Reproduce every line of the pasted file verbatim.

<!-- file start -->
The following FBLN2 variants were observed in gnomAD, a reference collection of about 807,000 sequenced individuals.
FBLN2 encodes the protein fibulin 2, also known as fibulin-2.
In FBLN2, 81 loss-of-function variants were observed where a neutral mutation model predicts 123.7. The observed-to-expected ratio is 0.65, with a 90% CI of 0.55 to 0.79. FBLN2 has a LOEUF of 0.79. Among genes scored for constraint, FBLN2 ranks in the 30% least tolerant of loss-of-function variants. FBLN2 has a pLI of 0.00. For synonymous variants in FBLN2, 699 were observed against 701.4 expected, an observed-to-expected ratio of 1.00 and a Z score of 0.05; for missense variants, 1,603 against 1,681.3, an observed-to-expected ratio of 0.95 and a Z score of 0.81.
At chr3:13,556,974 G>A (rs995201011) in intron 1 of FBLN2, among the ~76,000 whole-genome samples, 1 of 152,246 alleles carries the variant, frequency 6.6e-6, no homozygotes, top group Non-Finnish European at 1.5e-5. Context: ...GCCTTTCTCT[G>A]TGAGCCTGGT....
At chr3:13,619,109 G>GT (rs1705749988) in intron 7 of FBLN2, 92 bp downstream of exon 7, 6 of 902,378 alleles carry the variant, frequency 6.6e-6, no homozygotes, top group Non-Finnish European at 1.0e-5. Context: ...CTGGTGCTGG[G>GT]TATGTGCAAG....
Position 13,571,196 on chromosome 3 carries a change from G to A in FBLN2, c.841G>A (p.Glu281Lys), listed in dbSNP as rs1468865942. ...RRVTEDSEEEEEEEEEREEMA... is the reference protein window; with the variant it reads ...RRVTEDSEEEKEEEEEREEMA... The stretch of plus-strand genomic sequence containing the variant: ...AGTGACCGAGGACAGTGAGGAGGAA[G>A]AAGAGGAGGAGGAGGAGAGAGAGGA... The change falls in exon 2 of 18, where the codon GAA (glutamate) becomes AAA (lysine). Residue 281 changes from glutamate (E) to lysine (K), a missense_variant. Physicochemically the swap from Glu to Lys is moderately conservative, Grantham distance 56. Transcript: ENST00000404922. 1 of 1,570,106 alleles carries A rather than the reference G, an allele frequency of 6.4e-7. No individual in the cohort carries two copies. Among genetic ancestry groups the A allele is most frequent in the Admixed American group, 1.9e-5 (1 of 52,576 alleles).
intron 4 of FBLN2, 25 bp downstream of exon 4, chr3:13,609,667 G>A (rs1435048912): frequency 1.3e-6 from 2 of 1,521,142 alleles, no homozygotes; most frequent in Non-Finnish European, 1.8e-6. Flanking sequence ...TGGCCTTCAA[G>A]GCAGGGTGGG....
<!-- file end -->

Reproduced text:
The following FBLN2 variants were observed in gnomAD, a reference collection of about 807,000 sequenced individuals.
FBLN2 encodes the protein fibulin 2, also known as fibulin-2.
In FBLN2, 81 loss-of-function variants were observed where a neutral mutation model predicts 123.7. The observed-to-expected ratio is 0.65, with a 90% CI of 0.55 to 0.79. FBLN2 has a LOEUF of 0.79. Among genes scored for constraint, FBLN2 ranks in the 30% least tolerant of loss-of-function variants. FBLN2 has a pLI of 0.00. For synonymous variants in FBLN2, 699 were observed against 701.4 expected, an observed-to-expected ratio of 1.00 and a Z score of 0.05; for missense variants, 1,603 against 1,681.3, an observed-to-expected ratio of 0.95 and a Z score of 0.81.
At chr3:13,556,974 G>A (rs995201011) in intron 1 of FBLN2, among the ~76,000 whole-genome samples, 1 of 152,246 alleles carries the variant, frequency 6.6e-6, no homozygotes, top group Non-Finnish European at 1.5e-5. Context: ...GCCTTTCTCT[G>A]TGAGCCTGGT....
At chr3:13,619,109 G>GT (rs1705749988) in intron 7 of FBLN2, 92 bp downstream of exon 7, 6 of 902,378 alleles carry the variant, frequency 6.6e-6, no homozygotes, top group Non-Finnish European at 1.0e-5. Context: ...CTGGTGCTGG[G>GT]TATGTGCAAG....
Position 13,571,196 on chromosome 3 carries a change from G to A in FBLN2, c.841G>A (p.Glu281Lys), listed in dbSNP as rs1468865942. ...RRVTEDSEEEEEEEEEREEMA... is the reference protein window; with the variant it reads ...RRVTEDSEEEKEEEEEREEMA... The stretch of plus-strand genomic sequence containing the variant: ...AGTGACCGAGGACAGTGAGGAGGAA[G>A]AAGAGGAGGAGGAGGAGAGAGAGGA... The change falls in exon 2 of 18, where the codon GAA (glutamate) becomes AAA (lysine). Residue 281 changes from glutamate (E) to lysine (K), a missense_variant. Physicochemically the swap from Glu to Lys is moderately conservative, Grantham distance 56. Transcript: ENST00000404922. 1 of 1,570,106 alleles carries A rather than the reference G, an allele frequency of 6.4e-7. No individual in the cohort carries two copies. Among genetic ancestry groups the A allele is most frequent in the Admixed American group, 1.9e-5 (1 of 52,576 alleles).
intron 4 of FBLN2, 25 bp downstream of exon 4, chr3:13,609,667 G>A (rs1435048912): frequency 1.3e-6 from 2 of 1,521,142 alleles, no homozygotes; most frequent in Non-Finnish European, 1.8e-6. Flanking sequence ...TGGCCTTCAA[G>A]GCAGGGTGGG....